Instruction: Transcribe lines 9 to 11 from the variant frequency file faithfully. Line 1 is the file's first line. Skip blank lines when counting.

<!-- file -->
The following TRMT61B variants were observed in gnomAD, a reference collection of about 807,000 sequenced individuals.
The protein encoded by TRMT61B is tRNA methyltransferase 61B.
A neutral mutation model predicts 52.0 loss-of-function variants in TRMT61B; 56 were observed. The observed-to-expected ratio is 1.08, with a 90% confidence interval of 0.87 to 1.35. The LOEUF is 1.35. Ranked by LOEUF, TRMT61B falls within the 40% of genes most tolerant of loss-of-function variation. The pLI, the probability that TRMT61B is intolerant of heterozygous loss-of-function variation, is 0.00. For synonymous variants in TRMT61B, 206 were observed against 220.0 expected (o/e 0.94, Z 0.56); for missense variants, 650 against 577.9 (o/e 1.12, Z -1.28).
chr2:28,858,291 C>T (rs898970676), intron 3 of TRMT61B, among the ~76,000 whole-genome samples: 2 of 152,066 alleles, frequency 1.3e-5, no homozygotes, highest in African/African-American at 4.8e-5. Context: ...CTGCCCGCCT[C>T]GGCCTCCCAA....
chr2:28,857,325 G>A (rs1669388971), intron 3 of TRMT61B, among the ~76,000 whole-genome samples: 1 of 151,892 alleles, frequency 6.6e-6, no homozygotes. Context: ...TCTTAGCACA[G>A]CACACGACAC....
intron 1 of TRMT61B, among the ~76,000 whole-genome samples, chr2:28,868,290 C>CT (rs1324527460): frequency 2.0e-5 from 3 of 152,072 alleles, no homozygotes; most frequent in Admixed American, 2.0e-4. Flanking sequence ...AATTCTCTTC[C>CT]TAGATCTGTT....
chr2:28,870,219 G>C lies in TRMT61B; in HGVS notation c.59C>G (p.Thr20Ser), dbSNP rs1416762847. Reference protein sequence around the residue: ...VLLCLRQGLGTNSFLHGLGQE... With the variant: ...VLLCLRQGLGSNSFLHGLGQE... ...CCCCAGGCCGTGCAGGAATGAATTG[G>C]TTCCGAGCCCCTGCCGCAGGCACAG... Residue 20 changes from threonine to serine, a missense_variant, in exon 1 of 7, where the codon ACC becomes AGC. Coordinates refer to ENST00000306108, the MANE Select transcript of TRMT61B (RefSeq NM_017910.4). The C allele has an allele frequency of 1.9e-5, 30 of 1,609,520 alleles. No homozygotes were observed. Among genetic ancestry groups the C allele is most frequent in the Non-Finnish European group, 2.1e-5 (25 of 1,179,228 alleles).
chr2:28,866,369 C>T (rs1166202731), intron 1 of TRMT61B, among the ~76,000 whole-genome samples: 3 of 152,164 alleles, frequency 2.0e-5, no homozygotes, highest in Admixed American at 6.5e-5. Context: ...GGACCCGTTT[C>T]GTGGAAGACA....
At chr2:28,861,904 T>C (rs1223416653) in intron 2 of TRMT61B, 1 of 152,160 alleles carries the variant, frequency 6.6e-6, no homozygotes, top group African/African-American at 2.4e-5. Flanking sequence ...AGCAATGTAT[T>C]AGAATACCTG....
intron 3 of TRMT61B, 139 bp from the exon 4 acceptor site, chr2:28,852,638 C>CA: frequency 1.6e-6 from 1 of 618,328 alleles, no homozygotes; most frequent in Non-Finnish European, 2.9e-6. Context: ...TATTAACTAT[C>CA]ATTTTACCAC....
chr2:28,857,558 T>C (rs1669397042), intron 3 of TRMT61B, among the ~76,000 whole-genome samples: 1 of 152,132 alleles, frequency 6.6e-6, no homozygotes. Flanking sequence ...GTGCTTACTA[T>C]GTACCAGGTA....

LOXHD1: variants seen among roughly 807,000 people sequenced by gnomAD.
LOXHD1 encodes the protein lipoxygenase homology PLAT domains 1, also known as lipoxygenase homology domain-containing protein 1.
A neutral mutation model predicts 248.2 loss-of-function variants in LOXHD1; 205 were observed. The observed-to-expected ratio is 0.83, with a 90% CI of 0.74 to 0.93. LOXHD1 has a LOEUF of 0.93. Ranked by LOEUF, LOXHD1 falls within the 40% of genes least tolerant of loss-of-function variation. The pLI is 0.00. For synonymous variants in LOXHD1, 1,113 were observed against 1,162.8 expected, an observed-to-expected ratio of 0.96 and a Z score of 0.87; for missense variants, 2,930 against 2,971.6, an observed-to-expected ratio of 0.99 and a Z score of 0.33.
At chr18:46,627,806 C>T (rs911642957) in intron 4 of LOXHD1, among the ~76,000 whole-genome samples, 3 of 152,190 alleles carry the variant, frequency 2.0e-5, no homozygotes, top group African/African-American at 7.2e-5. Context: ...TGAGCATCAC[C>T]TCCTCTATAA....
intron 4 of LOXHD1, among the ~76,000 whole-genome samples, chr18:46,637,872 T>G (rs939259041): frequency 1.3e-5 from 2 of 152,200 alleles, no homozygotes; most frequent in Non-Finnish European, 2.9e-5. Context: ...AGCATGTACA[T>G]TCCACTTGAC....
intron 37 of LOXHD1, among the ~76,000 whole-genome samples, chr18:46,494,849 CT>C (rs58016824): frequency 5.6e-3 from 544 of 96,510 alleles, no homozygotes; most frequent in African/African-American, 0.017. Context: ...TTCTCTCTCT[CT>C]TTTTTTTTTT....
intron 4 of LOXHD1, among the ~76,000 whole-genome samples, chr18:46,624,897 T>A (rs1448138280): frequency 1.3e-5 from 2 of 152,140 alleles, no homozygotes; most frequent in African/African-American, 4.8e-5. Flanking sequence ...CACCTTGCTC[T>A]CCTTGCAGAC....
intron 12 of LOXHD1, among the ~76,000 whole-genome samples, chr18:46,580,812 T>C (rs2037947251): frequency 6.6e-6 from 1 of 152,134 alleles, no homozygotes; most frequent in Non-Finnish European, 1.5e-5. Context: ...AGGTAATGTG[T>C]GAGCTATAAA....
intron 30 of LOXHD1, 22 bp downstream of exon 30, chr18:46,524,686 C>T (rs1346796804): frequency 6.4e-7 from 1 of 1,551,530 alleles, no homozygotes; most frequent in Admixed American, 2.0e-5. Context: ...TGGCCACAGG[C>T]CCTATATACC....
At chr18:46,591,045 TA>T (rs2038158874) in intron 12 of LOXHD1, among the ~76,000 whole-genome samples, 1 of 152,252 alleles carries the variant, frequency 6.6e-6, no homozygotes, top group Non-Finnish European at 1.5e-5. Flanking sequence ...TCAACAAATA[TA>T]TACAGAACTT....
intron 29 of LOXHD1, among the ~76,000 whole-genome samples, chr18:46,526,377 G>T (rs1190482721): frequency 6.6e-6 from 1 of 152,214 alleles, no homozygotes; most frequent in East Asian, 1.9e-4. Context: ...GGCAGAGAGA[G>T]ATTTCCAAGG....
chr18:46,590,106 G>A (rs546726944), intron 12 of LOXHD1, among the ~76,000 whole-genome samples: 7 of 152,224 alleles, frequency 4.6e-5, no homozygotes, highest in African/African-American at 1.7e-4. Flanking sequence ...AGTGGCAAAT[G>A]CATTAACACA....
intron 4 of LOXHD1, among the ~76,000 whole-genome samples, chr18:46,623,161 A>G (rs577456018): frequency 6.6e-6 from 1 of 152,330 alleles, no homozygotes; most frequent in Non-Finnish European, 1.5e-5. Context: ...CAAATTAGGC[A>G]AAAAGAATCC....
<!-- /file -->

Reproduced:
At chr2:28,861,904 T>C (rs1223416653) in intron 2 of TRMT61B, 1 of 152,160 alleles carries the variant, frequency 6.6e-6, no homozygotes, top group African/African-American at 2.4e-5. Flanking sequence ...AGCAATGTAT[T>C]AGAATACCTG....
intron 3 of TRMT61B, 139 bp from the exon 4 acceptor site, chr2:28,852,638 C>CA: frequency 1.6e-6 from 1 of 618,328 alleles, no homozygotes; most frequent in Non-Finnish European, 2.9e-6. Context: ...TATTAACTAT[C>CA]ATTTTACCAC....
chr2:28,857,558 T>C (rs1669397042), intron 3 of TRMT61B, among the ~76,000 whole-genome samples: 1 of 152,132 alleles, frequency 6.6e-6, no homozygotes. Flanking sequence ...GTGCTTACTA[T>C]GTACCAGGTA....